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A Landlord's Primer on "Reasonable Accommodations"

Posted by Tristan R. Pettit, Esq. in Fair Housing / Discrimination, Reasonable Accommodations / Comments

I am seeing an increase in tenants making "reasonable accommodations" requests during their tenancy. While similar to "reasonable modifications," which I blogged about a few weeks ago, reasonable accommodations are different.

A reasonable accommodation request is one in which a tenant who has a disability asks his/her landlord to make an accomodation to the landlord's rules, policies, practices or services as a result of that disability. Wisconsin's Open Housing law, states that a landlord may be found to have discriminated against a tenant if the landlord refuses to make reasonable accommodations in rules, practices, policies or services that are associated with housing when such accommodations may be necessary to afford the person equal opportunity to use and enjoy housing, unless the accommodations would impose an undue hardship on the owner of the housing. Sec. 106.50(2r)(4), Wis Stats.

NOTE: For the most part, Wisconsin's Open Housing Law has adopted the language of the federal Fair Housing Act, so when when I mentione one or the other in this blog post, essentially I am referring to both.

So whereas reasonable modifications involve changes to the physical structure of a rental unit, building or grounds, reasonable accommodations would be a change to the landlord's rules, policies, procedures, and/or services. A request to install a wheelchair ramp would be a request for a reasonable modification whereas a request to allow a comfort/companion animal to reside with a tenant in a "no pets" building would be a request for a reasonable accommodation.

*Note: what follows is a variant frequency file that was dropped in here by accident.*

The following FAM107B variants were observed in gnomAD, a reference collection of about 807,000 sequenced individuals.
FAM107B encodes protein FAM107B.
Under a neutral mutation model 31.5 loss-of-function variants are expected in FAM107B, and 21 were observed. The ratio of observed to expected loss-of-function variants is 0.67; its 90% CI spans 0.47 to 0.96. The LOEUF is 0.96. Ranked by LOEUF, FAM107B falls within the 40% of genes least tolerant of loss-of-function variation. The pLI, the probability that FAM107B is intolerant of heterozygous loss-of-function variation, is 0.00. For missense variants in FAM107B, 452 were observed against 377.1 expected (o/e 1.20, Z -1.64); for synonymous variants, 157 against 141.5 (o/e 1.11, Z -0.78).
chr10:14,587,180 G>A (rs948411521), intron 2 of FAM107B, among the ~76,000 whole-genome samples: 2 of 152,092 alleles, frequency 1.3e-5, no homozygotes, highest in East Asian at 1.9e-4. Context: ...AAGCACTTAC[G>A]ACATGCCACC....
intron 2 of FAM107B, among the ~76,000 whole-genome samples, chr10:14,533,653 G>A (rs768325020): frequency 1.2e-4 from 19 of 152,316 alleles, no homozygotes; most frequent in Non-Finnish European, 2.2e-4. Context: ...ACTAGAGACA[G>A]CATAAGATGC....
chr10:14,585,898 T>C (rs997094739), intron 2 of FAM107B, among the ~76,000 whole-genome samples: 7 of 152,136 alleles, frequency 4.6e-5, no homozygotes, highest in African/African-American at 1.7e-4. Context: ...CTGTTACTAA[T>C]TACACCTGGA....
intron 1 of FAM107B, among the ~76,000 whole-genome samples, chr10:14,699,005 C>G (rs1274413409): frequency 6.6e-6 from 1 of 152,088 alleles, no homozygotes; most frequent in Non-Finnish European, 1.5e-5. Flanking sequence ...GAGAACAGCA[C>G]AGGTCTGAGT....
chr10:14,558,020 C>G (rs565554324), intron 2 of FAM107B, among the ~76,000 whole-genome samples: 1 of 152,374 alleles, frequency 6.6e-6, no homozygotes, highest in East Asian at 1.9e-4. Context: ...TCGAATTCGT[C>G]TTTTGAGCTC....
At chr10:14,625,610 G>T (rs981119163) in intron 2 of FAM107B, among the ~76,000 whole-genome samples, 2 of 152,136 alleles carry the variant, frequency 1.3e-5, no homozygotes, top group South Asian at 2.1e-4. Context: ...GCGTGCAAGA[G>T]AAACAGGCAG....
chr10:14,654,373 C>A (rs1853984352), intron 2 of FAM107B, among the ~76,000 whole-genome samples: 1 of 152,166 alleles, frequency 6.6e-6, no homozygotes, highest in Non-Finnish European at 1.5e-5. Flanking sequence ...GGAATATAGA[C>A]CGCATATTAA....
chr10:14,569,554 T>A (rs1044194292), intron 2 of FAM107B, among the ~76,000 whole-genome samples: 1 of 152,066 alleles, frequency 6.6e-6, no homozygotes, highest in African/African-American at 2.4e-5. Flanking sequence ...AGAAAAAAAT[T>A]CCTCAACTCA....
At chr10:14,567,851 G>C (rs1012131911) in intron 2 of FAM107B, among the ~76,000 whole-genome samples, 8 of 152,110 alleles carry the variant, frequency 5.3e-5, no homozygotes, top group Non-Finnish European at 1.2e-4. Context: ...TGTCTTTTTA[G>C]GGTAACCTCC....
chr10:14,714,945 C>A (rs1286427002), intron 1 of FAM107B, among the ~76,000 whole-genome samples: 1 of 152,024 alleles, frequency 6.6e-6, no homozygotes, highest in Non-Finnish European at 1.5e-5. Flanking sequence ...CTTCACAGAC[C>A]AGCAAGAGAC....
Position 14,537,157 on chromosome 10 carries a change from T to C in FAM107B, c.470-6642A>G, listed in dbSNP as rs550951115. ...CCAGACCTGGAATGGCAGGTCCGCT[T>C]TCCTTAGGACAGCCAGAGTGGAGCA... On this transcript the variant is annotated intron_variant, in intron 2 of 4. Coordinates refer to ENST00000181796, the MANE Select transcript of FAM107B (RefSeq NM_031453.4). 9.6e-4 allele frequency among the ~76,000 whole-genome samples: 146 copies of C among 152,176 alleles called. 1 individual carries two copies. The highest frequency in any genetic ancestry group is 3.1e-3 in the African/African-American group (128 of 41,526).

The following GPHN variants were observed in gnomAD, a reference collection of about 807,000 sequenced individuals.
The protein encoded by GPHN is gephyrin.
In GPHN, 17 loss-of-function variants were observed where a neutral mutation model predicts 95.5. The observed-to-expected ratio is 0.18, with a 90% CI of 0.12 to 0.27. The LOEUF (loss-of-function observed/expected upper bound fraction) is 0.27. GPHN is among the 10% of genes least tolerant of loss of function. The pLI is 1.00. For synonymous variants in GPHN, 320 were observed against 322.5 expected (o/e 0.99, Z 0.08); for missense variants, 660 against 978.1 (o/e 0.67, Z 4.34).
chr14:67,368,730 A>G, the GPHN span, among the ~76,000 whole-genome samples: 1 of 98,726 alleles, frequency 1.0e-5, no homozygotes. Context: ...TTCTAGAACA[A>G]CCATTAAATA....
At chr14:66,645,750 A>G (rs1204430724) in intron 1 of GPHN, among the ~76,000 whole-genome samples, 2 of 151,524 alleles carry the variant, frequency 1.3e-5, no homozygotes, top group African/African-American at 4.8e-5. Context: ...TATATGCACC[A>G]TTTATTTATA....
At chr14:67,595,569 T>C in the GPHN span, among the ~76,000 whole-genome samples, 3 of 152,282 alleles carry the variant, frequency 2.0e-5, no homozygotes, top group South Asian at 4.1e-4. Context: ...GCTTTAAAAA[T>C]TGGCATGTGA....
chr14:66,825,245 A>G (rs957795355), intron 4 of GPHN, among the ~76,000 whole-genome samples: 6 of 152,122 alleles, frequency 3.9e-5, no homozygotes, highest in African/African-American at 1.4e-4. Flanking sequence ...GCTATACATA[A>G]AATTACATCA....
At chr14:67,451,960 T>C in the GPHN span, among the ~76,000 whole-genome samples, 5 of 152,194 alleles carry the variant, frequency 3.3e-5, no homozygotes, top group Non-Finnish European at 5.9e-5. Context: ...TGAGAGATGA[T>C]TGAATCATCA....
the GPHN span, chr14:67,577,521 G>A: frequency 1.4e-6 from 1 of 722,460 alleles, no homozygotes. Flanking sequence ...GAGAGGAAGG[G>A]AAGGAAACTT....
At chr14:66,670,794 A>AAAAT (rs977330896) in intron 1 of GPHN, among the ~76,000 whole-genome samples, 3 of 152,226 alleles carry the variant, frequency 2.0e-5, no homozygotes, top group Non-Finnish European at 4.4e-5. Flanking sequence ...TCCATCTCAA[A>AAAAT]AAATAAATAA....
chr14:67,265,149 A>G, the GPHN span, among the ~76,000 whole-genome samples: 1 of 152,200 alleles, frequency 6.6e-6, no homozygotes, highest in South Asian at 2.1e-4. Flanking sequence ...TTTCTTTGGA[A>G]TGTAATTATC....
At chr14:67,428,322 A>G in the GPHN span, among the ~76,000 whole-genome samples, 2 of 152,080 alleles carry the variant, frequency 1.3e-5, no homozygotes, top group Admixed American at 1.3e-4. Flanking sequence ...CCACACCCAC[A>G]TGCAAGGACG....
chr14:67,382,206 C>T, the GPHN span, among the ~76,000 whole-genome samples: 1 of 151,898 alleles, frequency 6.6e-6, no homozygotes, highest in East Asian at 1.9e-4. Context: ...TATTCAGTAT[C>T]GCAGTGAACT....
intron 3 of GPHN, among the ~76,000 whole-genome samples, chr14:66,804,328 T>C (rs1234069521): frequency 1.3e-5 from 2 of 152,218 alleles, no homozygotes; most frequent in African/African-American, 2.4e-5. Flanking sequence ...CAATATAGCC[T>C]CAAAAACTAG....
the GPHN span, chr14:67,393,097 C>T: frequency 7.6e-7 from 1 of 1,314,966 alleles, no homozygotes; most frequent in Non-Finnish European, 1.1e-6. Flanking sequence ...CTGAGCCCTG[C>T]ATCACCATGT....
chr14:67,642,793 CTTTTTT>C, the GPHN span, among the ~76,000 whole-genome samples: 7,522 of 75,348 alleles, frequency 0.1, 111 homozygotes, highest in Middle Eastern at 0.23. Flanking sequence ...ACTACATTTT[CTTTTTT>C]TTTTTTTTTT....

If requested (and all other requirements are met) a landlord must make reasonable accommodations at any stage of the rental process, including the application process, screening process, during tenancy, post tenancy. Therefore a reasonable accommodations request can be made by an applicant, not just a tenant.

Similar to the law regarding reasonable modifications, an applicant or tenant is not entitled to reasonable accommodations unless the accomodation has been requested. That request can be in writing or oral and can be made by the applicant or tenant or by someone on their behalf.

A person is considered to have a disability if the individual (1) has a physical or mental impairment that substantially limits one or more major life activities, (b) is regarded as having such an impairment, or (c) has a record of such impairment.

A "physical or mental impairment" includes, but is not limited to, such diseases and conditions as orthopedic, visual, speech and hearing impairments, cerebral palsy, autism, epilepsy, muscular dystrophy, multiple sclerosis, cancer, heart disease, diabetes, HIV, mental retardation, emotional illness, drug addiction (other than addiction caused by current, illegal use of controlled substances) and alcoholism.

A "major life activity" can include, but is not limited to, any activity that is of central importance to daily life, such as seeing, hearing, walking, breathing, performing manual tasks, caring for one's self, learning and speaking.

Just like with a reasonable modifications request, there must be an identifiable "nexus" or relationship between the disability and the accommodation request. If there is no "nexus" then a landlord can legally decline to make the accommodation.